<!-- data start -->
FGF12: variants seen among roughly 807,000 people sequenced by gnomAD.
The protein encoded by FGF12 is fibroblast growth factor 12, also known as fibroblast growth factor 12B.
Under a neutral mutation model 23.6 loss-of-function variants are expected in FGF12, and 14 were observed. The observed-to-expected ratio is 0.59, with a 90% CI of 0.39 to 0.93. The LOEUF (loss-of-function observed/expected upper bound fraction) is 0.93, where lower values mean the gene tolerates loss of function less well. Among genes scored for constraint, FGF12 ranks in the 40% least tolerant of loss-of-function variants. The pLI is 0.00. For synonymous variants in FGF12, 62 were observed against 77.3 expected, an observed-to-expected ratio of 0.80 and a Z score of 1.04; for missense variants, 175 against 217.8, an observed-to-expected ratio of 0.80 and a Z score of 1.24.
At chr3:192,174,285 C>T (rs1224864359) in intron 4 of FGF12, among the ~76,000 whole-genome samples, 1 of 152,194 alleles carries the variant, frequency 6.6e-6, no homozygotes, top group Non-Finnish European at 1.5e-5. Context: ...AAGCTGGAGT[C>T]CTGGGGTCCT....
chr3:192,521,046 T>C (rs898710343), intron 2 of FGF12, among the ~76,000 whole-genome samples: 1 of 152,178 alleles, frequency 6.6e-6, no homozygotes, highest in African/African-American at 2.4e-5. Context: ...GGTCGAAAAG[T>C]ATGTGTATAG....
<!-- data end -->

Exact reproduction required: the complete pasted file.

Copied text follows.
FGF12: variants seen among roughly 807,000 people sequenced by gnomAD.
The protein encoded by FGF12 is fibroblast growth factor 12, also known as fibroblast growth factor 12B.
Under a neutral mutation model 23.6 loss-of-function variants are expected in FGF12, and 14 were observed. The observed-to-expected ratio is 0.59, with a 90% CI of 0.39 to 0.93. The LOEUF (loss-of-function observed/expected upper bound fraction) is 0.93, where lower values mean the gene tolerates loss of function less well. Among genes scored for constraint, FGF12 ranks in the 40% least tolerant of loss-of-function variants. The pLI is 0.00. For synonymous variants in FGF12, 62 were observed against 77.3 expected, an observed-to-expected ratio of 0.80 and a Z score of 1.04; for missense variants, 175 against 217.8, an observed-to-expected ratio of 0.80 and a Z score of 1.24.
At chr3:192,174,285 C>T (rs1224864359) in intron 4 of FGF12, among the ~76,000 whole-genome samples, 1 of 152,194 alleles carries the variant, frequency 6.6e-6, no homozygotes, top group Non-Finnish European at 1.5e-5. Context: ...AAGCTGGAGT[C>T]CTGGGGTCCT....
chr3:192,521,046 T>C (rs898710343), intron 2 of FGF12, among the ~76,000 whole-genome samples: 1 of 152,178 alleles, frequency 6.6e-6, no homozygotes, highest in African/African-American at 2.4e-5. Context: ...GGTCGAAAAG[T>C]ATGTGTATAG....